Saint Barnabas Health Care System Selects Wave to Protect Personal Health Information on Laptops

New Jersey’s Largest Health Delivery System Standardizes on Wave Software for Managing its Fleet of Self-Encrypting Hard Drives on Laptops Used by Medical Personnel and Executives

Lee, MA February 9, 2011 Wave Systems Corp. (NASDAQ:WAVX www.wave.com) today announced that Saint Barnabas Health Care System deployed self-encrypting drives (SEDs) managed by Wave’s EMBASSY® software to protect personal health information (PHI) stored on 700 laptops used by doctors, nurses, administrators and executives in 25 facilities. Saint Barnabas had been using software encryption for years to comply with health care regulations and meet patient needs, but chose to upgrade to self-encrypting drives for stronger security and faster deployment times —24 hours faster on average per user.

“Patient trust is critical to all of us at Saint Barnabas,” commented Hussein Syed, Saint Barnabas’ Director of IT Security, whose responsibility encompasses all endpoint and network security. “We take patient and employee data confidentiality seriously, which is why we took steps to ensure it is protected at all times.”

“Now should a breach happen,” Syed continued, “first and foremost, there is the impact on our patients. Beyond that it would impact our credibility, especially if there were repeated occurrences.”

Saint Barnabas is New Jersey’s largest integrated health care delivery system, employing 19,000, including 4,600 physicians and operating six acute care facilities, nursing homes and outpatient centers that provide radiology and dialysis. Prominent names within the system include Newark Beth Israel Medical Center, Monmouth Medical Center in Long Branch and Saint Barnabas Medical Center in Livingston.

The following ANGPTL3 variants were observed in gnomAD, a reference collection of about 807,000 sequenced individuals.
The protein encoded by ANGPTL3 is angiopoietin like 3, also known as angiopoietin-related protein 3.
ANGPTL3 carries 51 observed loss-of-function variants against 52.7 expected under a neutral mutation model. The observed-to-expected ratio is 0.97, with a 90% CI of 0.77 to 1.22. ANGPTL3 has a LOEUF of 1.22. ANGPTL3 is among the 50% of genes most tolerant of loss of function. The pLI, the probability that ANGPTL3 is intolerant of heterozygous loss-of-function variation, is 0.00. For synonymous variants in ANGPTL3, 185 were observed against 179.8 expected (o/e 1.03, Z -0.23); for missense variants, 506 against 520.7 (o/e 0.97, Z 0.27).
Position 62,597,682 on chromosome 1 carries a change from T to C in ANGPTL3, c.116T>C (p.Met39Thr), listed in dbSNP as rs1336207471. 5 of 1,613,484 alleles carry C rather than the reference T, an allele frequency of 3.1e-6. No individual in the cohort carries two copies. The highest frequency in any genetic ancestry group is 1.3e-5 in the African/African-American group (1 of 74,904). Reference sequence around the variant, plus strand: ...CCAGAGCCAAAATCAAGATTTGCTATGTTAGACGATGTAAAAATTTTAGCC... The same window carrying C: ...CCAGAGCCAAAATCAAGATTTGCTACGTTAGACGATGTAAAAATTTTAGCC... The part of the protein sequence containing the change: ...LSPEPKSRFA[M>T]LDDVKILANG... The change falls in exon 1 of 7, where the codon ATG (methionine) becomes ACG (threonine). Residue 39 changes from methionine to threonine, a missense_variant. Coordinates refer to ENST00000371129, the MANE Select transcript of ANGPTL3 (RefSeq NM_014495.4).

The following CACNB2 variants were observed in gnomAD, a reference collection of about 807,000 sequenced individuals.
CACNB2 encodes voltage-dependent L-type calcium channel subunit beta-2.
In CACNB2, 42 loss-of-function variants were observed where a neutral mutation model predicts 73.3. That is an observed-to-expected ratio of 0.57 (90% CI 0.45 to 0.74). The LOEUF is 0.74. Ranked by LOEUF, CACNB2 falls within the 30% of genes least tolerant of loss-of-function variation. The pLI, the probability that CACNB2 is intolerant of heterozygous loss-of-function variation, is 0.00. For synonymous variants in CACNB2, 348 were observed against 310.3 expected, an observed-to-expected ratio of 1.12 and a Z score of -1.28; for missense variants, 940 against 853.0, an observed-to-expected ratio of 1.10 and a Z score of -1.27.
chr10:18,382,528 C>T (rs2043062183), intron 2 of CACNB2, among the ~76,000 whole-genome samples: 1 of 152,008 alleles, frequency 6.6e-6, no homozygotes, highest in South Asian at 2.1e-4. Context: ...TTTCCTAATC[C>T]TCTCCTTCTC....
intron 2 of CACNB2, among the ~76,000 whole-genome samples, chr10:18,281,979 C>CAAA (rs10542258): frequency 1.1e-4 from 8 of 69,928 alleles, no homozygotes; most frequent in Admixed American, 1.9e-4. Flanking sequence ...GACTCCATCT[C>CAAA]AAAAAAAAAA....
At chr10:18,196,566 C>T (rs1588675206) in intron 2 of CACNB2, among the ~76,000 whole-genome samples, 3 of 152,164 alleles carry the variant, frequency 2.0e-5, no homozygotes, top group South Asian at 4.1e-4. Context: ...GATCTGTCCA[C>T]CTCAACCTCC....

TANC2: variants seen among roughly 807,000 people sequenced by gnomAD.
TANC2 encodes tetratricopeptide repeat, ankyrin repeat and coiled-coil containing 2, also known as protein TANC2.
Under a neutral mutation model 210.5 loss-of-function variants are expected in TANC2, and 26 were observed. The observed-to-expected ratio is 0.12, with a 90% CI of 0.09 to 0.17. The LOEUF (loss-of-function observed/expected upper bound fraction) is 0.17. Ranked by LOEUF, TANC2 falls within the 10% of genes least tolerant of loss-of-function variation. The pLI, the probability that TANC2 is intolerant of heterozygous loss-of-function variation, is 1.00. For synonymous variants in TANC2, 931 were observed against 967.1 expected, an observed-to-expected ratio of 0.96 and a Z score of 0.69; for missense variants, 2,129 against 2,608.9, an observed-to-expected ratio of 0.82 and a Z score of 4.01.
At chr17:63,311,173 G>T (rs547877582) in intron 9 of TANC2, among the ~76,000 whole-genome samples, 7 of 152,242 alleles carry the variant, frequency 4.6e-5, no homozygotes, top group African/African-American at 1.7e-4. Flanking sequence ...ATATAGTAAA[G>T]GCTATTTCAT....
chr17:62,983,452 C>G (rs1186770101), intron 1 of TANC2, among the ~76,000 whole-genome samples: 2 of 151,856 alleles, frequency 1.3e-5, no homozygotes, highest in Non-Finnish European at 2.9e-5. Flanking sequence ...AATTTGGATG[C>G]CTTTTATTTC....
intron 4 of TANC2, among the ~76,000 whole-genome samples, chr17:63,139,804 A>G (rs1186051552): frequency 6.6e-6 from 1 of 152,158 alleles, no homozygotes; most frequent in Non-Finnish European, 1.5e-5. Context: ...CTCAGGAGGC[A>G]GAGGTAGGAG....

As part of delivering superior care, medical personnel routinely collect and handle sensitive patient data, including lab results, clinical data, patient medical histories and prescription usage. This information is often gathered bedside or in the ER, where laptops are brought in via mobile units. Administrators also use Patient Health Information (PHI) for “patient modeling,” to develop better procedures and protocols for assuring that all patients in the Saint Barnabas system receive a high level of care. Laptops in use throughout the system all require encryption to safeguard patient privacy and stay in compliance with health regulations including the Health Insurance Portability and Accountability Act (HIPAA) and last year’s Health Information Technology for Economic and Clinical Health (HITECH) Act.

Under HITECH, affected patients would have to be notified by a letter outlining the circumstances of the data breach, what information was compromised and the steps taken toward remediation. There would be a financial impact too, Syed noted, with the health system liable for legal costs and the expense of credit monitoring services for affected patients. Those costs can run several hundred dollars per affected individual, he said.

To mitigate the chance of PHI falling into the wrong hands Saint Barnabas was an early software full disk encryption (FDE) adopter.